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About Paralegals

According to the U.S. Bureau of Labor Statistics, employment of paralegals and legal assistants is projected to grow 17 percent between 2012 and 2022, faster than the average for all occupations. Review this area and the links below to learn more about the paralegal profession and NALA's role in leading the field.

Click here to read about the Paralegal Profession in the
Bureau of Labor Statistics Occupational Outlook Handbook, 2014-15


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A legal assistant or paralegal is a person qualified by education, training or work experience who is employed or retained by a lawyer, law office, corporation, governmental agency or other entity who performs specifically delegated substantive legal work for which a lawyer is responsible. (Adopted by the ABA in 1997) 

What do paralegals do? What are their typical duties and responsibilities across the various specialty practice areas. Check out this article:  Typical Paralegal Duties  published in the 2009 Career Chronicle edition of Facts & Findings!



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The US Supreme Court and Paralegals

Seldom does a professional association or occupational group have an opportunity to address the United States Supreme Court to advance the career field. NALA has been fortunate to have participated in two cases before the US Supreme Court and, indeed, the paralegal profession has benefited from this participation. Both cases were on the recoverability of paralegal fees in attorney fee awards.

Missouri v. Jenkins, 1989

This is the first instance in which the US Supreme Court addressed the recoverability of paralegal fees under §1988 of the Civil Rights Attorney's Fee Awards Act of 1976. In this case, the petitioner was seeking the award of attorney and paralegal fees after a lengthy litigation. The Court was asked whether the work of paralegals, law clerks and recent law graduates could be reimbursed at market rates, rather than their cost to attorneys.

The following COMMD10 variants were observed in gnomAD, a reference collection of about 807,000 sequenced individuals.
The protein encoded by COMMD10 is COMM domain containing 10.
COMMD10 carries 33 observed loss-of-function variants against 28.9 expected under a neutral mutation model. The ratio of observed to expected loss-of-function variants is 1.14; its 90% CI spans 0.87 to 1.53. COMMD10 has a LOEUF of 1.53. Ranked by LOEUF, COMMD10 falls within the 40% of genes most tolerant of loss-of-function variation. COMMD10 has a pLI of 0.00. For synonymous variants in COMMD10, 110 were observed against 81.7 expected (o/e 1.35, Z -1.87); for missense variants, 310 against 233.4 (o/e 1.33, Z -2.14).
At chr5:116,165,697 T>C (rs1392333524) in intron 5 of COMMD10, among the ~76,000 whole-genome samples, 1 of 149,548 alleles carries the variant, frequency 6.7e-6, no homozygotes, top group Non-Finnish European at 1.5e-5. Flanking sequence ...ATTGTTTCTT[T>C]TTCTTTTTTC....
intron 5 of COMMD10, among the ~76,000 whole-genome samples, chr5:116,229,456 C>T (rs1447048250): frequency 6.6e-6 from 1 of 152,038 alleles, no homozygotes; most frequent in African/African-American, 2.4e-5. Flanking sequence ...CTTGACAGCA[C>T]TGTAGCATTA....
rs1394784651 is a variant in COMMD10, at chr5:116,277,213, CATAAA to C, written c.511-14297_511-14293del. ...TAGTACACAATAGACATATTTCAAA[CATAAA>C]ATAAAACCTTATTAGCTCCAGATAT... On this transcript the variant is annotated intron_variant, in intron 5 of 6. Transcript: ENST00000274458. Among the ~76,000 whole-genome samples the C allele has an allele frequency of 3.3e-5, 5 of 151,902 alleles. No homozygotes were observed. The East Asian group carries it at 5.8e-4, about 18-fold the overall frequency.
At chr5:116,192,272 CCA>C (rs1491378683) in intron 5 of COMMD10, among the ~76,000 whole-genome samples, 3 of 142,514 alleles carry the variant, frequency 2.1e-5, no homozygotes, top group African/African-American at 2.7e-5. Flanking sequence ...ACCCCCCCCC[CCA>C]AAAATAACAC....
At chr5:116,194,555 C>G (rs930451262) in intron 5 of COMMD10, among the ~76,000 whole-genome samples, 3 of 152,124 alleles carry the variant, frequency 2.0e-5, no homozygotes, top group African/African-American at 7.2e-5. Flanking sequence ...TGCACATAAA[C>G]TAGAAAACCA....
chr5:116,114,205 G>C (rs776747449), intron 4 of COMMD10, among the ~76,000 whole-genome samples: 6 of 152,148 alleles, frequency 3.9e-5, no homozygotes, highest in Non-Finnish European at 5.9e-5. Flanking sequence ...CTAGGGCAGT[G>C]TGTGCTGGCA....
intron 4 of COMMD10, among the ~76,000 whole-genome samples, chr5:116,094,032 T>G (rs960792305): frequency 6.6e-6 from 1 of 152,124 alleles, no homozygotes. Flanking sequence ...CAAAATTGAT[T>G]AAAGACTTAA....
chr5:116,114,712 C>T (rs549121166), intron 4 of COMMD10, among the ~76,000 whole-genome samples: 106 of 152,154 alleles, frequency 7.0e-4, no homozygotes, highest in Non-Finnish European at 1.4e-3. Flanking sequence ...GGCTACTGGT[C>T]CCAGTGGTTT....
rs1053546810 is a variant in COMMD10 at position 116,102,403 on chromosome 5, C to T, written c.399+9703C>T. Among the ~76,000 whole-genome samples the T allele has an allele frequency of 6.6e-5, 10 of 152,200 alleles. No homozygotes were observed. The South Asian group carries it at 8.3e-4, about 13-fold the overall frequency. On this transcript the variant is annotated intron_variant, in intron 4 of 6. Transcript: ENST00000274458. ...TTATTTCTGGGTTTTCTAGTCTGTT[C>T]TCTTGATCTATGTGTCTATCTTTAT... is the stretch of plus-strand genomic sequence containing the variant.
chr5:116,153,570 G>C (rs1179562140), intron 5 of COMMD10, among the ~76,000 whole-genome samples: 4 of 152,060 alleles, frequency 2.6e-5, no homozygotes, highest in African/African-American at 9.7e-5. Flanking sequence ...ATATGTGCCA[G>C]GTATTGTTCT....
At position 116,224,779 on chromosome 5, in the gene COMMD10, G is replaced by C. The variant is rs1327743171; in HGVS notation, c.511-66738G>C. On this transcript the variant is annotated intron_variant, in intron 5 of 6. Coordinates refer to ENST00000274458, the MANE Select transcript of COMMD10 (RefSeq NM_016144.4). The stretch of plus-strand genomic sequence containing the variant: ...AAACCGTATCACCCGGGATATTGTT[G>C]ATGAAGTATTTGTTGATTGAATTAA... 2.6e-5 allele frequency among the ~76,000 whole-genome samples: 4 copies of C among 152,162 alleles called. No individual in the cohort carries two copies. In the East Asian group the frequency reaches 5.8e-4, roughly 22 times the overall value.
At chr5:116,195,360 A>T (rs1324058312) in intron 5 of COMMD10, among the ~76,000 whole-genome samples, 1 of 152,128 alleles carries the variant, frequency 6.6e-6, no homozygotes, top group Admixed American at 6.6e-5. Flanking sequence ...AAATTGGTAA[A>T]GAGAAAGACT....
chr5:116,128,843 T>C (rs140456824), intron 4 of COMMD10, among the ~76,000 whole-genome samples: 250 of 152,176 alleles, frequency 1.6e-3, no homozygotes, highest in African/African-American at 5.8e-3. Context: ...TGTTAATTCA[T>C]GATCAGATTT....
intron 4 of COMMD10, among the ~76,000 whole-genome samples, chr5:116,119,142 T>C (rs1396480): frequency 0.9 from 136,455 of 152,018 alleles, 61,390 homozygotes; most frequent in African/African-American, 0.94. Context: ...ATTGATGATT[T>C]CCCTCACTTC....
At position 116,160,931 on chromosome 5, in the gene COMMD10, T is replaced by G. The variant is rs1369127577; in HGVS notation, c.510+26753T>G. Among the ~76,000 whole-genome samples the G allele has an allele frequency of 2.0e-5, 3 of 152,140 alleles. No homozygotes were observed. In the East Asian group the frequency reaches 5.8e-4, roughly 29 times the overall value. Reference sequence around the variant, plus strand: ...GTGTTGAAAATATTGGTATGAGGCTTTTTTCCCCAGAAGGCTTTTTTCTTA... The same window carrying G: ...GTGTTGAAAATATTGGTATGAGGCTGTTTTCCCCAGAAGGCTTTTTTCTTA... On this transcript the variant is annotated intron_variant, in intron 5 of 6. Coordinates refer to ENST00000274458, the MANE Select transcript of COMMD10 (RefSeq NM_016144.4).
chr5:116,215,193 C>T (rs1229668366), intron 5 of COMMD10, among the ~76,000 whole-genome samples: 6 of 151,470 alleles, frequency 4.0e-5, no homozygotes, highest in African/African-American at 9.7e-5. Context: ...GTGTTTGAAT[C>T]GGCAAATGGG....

The Court recognized that everyone - attorneys, paralegal employees, and clients - benefits from the proper utilization of paralegals. In its opinion, the Court stated:

By encouraging the use of lower cost paralegals rather than attorneys wherever possible, permitting market-rate billing of paralegal hours "encourages cost-effective delivery of legal services and, by reducing the spiraling cost of civil rights litigation, furthers the policies underlying civil rights statutes.

Click here to read the Court's decision in this case.  NALA filed an amicus brief in support of the petitioner. NALA's brief and occupational survey are mentioned in footnote 11 of the Court's opinion.

Richlin v. Chertoff, 2008

The question before the US Supreme Court in this case is very similar to that in Missouri v Jenkins. However, instead of considering the award of paralegal fees in the Civil Rights Act, this time, the court was asked to review if paralegal fees could be reimbursed at market rates under the Equal Access to Justice Act. Citing the Court's decision in Missouri v Jenkins the court again stated paralegal fees may be awarded at market rates. This is a particularly interesting case in that the Supreme Court only accepts a few cases for review each year.

Click here to read the Court's decision in this case.
Click here to read a summary of the case prepared by NALA's attorney in the filing of the amicus brief, Amy Howe, of Howe & Russell, Bethesda, Maryland.

Impact of These Decisions

The importance of these decisions cannot be overstated. Twice, the US Supreme Court has been asked to decide whether paralegal time may be reimbursed at market rates under fee shifting statutes. Twice, the Court has provided an unequivocal "yes."  The Court has recognized the value of attorney utilization of paralegal services as a cost efficient way to deliver paralegal services. At the same time, the Court has recognized paralegal time should be billed the same as other professional staff.